In Maradi, another of Niger's main towns, close to the Nigeria border, two evangelical churches were eventually burned down, while a small Fulani church in Bermo village (200 km from Maradi, in the north) was attacked and burned down. Local sources have told World Watch Monitor that the prompt reactions of security forces helped to limit the destruction.
In Birnin Gaouré, about 100 km from the capital Niamey, three churches were set on fire and a missionary school was attacked.
In the far north town of Agadez, "there was an unsuccessful attempt on the church."
By Sunday the violence spread to the capital Niamey, as a large crowd of about 1,000 Muslims convened outside the main mosque, before marching across the streets of the city. The angry crowd, reported to be guided by youths in cars and motorbikes, then set several public buildings and properties on fire: among them, the headquarters of the ruling party, several bars, a brothel and a beer factory.
Security forces fired tear gas in an attempt to restore order, but the rioters were out of control. In small groups the protesters then attacked Christians across the capital.
"In two hours most of the 'work' was done," reported an Open Doors' worker. "The guides knew exactly where to find the target of the attacks, and after the attacks they checked if it was indeed destroyed.''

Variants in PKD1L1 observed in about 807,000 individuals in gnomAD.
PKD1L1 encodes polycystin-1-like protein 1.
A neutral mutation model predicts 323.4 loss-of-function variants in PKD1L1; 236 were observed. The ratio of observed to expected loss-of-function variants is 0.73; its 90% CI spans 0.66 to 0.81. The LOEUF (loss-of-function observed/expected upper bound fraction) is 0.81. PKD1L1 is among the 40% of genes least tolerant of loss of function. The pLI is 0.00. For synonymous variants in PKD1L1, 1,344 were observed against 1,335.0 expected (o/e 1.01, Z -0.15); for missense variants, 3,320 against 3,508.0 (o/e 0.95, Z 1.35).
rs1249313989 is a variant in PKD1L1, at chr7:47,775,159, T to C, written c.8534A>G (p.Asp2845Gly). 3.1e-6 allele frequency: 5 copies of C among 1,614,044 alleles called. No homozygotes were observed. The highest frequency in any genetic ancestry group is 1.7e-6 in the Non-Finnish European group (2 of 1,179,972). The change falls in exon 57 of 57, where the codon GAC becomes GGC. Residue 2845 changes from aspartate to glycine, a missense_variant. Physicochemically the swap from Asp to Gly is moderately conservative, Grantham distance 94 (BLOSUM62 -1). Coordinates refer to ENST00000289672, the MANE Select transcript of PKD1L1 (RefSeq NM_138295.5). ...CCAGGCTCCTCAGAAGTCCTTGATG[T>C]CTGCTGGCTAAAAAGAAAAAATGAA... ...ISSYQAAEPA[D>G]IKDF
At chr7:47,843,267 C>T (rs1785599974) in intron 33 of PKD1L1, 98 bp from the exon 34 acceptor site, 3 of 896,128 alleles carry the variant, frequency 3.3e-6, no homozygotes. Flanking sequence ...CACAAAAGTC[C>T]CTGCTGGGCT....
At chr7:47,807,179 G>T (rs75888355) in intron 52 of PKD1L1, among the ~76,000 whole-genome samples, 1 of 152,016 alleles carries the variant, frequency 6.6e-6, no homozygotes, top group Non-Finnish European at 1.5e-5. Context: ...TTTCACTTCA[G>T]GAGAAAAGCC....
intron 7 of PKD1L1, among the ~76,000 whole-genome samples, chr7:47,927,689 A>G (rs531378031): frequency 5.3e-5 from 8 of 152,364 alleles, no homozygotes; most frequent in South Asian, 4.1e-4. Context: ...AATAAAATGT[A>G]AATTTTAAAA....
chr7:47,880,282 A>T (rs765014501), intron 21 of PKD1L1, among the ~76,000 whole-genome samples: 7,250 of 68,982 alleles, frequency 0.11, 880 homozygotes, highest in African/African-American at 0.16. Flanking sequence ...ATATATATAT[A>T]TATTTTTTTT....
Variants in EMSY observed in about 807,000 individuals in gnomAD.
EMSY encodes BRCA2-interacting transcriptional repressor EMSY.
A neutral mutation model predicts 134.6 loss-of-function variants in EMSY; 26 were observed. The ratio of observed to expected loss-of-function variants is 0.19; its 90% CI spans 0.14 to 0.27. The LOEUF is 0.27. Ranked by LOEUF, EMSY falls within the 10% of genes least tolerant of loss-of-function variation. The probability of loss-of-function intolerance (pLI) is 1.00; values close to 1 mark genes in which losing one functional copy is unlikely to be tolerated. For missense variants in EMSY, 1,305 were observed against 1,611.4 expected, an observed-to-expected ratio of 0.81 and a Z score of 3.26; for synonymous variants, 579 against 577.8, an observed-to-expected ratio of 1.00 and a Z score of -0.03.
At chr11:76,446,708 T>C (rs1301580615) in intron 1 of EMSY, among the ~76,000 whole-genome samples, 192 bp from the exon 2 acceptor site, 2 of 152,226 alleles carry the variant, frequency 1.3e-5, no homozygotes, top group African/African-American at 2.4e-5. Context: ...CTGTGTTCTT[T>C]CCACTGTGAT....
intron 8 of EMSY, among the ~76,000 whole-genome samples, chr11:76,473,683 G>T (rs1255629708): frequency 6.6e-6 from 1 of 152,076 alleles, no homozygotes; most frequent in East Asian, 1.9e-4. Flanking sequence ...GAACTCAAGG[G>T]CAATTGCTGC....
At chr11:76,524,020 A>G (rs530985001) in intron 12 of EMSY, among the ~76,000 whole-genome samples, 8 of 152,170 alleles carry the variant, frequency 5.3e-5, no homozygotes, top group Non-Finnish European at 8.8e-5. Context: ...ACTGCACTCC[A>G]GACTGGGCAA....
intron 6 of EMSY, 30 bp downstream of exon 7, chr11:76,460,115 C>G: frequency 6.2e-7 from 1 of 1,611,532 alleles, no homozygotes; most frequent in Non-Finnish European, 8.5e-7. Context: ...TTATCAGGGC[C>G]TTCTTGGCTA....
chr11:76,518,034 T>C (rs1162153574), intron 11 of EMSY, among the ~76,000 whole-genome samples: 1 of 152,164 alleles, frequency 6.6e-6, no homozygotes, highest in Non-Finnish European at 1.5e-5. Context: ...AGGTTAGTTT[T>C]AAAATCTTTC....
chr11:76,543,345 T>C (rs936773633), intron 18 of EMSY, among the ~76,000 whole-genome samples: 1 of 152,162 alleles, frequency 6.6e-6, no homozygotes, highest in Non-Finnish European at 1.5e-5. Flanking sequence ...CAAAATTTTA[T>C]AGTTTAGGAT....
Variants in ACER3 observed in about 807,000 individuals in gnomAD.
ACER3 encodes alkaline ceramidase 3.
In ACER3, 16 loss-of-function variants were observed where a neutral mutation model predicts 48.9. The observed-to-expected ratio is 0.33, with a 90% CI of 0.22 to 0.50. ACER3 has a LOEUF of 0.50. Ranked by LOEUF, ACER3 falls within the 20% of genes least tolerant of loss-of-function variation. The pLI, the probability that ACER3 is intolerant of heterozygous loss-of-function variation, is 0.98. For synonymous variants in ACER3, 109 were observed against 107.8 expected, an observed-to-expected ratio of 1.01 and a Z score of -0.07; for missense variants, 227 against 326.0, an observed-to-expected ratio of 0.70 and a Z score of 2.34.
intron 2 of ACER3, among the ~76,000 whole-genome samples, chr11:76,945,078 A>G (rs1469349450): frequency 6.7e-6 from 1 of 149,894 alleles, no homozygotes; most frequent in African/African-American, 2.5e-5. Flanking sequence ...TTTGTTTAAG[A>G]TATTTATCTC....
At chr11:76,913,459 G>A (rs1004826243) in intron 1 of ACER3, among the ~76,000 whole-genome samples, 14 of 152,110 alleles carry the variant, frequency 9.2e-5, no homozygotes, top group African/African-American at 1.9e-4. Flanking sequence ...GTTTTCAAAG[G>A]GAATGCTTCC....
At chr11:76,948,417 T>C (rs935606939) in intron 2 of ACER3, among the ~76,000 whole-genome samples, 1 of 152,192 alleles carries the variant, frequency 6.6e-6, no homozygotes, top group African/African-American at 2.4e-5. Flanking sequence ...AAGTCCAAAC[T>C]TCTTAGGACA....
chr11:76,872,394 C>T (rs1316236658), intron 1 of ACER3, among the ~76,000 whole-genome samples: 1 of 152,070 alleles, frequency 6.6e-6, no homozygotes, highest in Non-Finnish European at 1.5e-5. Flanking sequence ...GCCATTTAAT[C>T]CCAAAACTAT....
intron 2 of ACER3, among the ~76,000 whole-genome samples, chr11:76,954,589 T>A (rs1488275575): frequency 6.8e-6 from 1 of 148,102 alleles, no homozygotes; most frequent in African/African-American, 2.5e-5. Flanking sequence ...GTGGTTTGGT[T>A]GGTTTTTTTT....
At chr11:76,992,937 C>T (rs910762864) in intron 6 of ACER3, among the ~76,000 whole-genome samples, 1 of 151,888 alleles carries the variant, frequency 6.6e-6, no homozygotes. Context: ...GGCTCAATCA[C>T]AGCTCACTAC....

On Sunday, the situation had calmed somewhat in Niamey, but the bells remained silent at the Catholic Cathedral, though it had been spared in the Saturday violence as troops guarded it. Most Christians did not feel safe to return home, WWM heard, while others were trying to assess the scale of damage sustained by their communities.
On the Day of Attacks, There Is No Protection
Various sources, contacted by World Watch Monitor, have pointed out the lack of reaction from the security forces. This, they said, has turned Christians and their properties, including Niamey's biggest Protestant church, into easy targets for the protesters and looters.
In a television address, on Saturday evening, President Mahamadou Issoufou condemned the anti-Christian violence and expressed surprise at the attack.
"What have the Christians of Niger done to deserve this? Where have they wronged you?"
''Those who plunder those places of worship, those who desecrate them, those who persecute and kill their Christian compatriots, or foreigners living on the soil of our country, did not understand anything about Islam."
The weekend violence was also widely condemned by several Muslim clerics. The government has declared three days of mourning for those who died.
A local church leader has called on Christians in Niger to respond with the love of Christ in an interview on the BBC Hausa Service.